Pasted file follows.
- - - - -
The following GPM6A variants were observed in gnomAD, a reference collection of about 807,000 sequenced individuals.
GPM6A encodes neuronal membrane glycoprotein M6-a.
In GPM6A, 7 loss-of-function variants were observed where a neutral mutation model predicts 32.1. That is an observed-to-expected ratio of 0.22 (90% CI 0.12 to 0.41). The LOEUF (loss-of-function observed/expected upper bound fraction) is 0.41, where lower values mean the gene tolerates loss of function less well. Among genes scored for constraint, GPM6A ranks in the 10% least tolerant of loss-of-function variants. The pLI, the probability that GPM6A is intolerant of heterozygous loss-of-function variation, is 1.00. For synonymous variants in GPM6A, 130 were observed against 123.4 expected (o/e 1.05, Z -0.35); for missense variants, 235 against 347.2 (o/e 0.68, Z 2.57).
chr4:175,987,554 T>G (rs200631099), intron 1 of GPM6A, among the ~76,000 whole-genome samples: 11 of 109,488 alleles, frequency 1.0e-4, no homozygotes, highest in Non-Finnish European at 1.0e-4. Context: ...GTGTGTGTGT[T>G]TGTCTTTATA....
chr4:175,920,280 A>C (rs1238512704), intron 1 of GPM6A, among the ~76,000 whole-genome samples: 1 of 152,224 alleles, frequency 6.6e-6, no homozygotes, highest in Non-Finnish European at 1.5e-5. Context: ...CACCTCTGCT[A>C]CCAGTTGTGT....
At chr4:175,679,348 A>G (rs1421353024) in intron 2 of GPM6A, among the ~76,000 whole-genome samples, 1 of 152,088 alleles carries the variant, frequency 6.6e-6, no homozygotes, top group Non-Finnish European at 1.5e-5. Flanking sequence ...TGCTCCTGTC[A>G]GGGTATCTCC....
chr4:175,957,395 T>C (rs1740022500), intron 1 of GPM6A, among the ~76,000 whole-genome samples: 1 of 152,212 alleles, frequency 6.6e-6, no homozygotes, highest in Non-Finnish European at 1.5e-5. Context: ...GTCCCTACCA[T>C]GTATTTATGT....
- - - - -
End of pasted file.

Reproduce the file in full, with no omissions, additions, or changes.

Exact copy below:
The following GPM6A variants were observed in gnomAD, a reference collection of about 807,000 sequenced individuals.
GPM6A encodes neuronal membrane glycoprotein M6-a.
In GPM6A, 7 loss-of-function variants were observed where a neutral mutation model predicts 32.1. That is an observed-to-expected ratio of 0.22 (90% CI 0.12 to 0.41). The LOEUF (loss-of-function observed/expected upper bound fraction) is 0.41, where lower values mean the gene tolerates loss of function less well. Among genes scored for constraint, GPM6A ranks in the 10% least tolerant of loss-of-function variants. The pLI, the probability that GPM6A is intolerant of heterozygous loss-of-function variation, is 1.00. For synonymous variants in GPM6A, 130 were observed against 123.4 expected (o/e 1.05, Z -0.35); for missense variants, 235 against 347.2 (o/e 0.68, Z 2.57).
chr4:175,987,554 T>G (rs200631099), intron 1 of GPM6A, among the ~76,000 whole-genome samples: 11 of 109,488 alleles, frequency 1.0e-4, no homozygotes, highest in Non-Finnish European at 1.0e-4. Context: ...GTGTGTGTGT[T>G]TGTCTTTATA....
chr4:175,920,280 A>C (rs1238512704), intron 1 of GPM6A, among the ~76,000 whole-genome samples: 1 of 152,224 alleles, frequency 6.6e-6, no homozygotes, highest in Non-Finnish European at 1.5e-5. Context: ...CACCTCTGCT[A>C]CCAGTTGTGT....
At chr4:175,679,348 A>G (rs1421353024) in intron 2 of GPM6A, among the ~76,000 whole-genome samples, 1 of 152,088 alleles carries the variant, frequency 6.6e-6, no homozygotes, top group Non-Finnish European at 1.5e-5. Flanking sequence ...TGCTCCTGTC[A>G]GGGTATCTCC....
chr4:175,957,395 T>C (rs1740022500), intron 1 of GPM6A, among the ~76,000 whole-genome samples: 1 of 152,212 alleles, frequency 6.6e-6, no homozygotes, highest in Non-Finnish European at 1.5e-5. Context: ...GTCCCTACCA[T>C]GTATTTATGT....